How happy are physicists

Formulas for happiness

Ingredients for happiness

In fact, the researchers have found generalizable happiness formulas that, in theory, will help everyone be happier. For happiness we need very specific ingredients, similar to those used for baking cakes. This is how easily the happiness formula of happiness researcher Ed Diener can be summarized.

For a cake we need butter, eggs, flour and sugar - and also four things for our happiness: a task in which we feel competent, close social ties with other people, always something new in life and a pinch of spirituality.

The US psychologist understands spirituality to be the belief in being part of a meaningful whole. This can be the belief in a god, the belief in other powers or the belief that arises from the bond with nature.

So the ingredients for happiness are manageable - and yet some people fail because of the preparation.

Happiness in Buddhism: Loving and Being

Buddhists understand happiness to be satisfaction and the ability to find peace. With daily mindfulness exercises and meditations, practitioners of Buddhist teachings want to train exactly that: find peace and be happy with what is. Love and being are the ingredients of this simple formula for happiness. However, both must be learned with great effort and practiced for years, the Dalai Lama and other wise Buddhists explain in their writings.

Like Buddhists, sociologists also understand life satisfaction as happiness. However, in addition to being and loving, having is also part of the sociological formula for happiness.

For sociologists, love stands for social relationships, being for a fulfilled life and having for the material living conditions. The sociologist Jan Delhey is researching the formulas of happiness at the Jacobs University in Bremen. He says that every person weights the three pillars differently. According to this theory, however, all three pillars are necessary for true happiness.

Happiness begins in the body

"Happiness arises just as much from our body, arms and legs, heart and skin as it does from our ideas and thoughts", writes the biophysicist and philosopher Stefan Klein in his book "Die Gl├╝cksformel".

The body sends signals about our well-being to our brain. We do not consciously perceive this. If the body is doing well, this feeling essentially determines our sense of happiness.

That is why the simplest of Stefan Klein's formulas for happiness is to really take the body seriously. Unpleasant feelings such as fear and stress have a very physical effect: the muscles tense, the stomach rebels, the heart loses its rhythm. If the body is doing well, our eyes light up, the blood flows faster through the veins, we feel the energy and smile often, says Klein.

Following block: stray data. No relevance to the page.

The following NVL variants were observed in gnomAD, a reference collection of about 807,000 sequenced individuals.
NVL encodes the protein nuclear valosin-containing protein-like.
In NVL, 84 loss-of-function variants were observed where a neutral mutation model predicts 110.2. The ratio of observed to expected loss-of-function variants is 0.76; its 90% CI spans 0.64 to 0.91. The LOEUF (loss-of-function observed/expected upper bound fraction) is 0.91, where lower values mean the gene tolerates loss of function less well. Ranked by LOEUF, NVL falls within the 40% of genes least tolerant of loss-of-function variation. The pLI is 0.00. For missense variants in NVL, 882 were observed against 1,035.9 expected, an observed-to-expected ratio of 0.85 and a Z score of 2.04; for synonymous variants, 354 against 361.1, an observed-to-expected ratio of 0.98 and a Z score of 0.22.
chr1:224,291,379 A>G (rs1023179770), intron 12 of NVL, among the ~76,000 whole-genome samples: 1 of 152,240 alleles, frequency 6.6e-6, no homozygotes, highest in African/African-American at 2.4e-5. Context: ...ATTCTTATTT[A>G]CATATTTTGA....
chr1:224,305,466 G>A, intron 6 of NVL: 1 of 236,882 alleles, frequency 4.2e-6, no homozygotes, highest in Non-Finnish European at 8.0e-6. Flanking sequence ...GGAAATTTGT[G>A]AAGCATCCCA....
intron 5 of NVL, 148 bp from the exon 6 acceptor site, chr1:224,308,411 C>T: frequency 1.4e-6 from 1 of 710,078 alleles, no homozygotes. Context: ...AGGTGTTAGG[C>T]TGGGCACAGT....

He recommends doing as many things as possible that make us feel good. These can be sensual things like good food, movement, smells or touch. It can also be positive thoughts.

The memory of a nice vacation or the anticipation of a meeting take place in the brain, but from there influence our involuntary nervous system - and thus have a direct effect on the body.

Smiling makes you happy

It is not enough just to make a conscious decision to feel happiness or to smile more. Thinking positively and consciously feeling happy is a popular formula for happiness.

But it's not that easy. Only a real smile is really beneficial for happiness. The American anthropologist and psychologist Paul Ekman came to this conclusion as early as the late 1960s.

According to Ekman, there are 18 types of wanted smiles and only one type of genuine smile. When smiling intentionally, such as polite, friendly or concealing smiles, people only use the muscles of the mouth. When you really smile, the muscles around the eyes also contract.

Only the interaction of the muscles of the mouth and eye rings causes endorphins to be released. Among other things, these hormones have an analgesic effect. Researchers assume that these hormones are involved in the development of feelings of happiness (euphoria).

Ekman's quintessence: thinking positively and smiling work as ingredients for happiness - but only if both are real and come from the heart.

Shape the brain into old age

Many scientists today agree that we can influence and control our happiness to a large extent. The American psychologist Sonja Lyubormirsky from the Riverside University of California has researched this topic for years.

It describes the causes of happiness in clear numbers: 50 percent of our happiness depends on the genetic makeup, ten percent on chance - and 40 percent on our conscious action. These 40 percent are the leeway that a person can actively influence through positive thinking.

Brain researchers attest to the thinking organ that it can change well into old age. An example: commuting to work. The journey can hardly be avoided, but you can influence how you deal with the situation yourself. If we start to use the time sensibly or comfortably, perhaps for a radio play or an audio language course, positive feelings and thoughts suddenly arise.

If a person uses this method regularly, he can actually transform his brain. This is certainly the longest and most difficult formula for happiness. But whoever uses it, it promises long-term success, say Lyubormirsky and other researchers.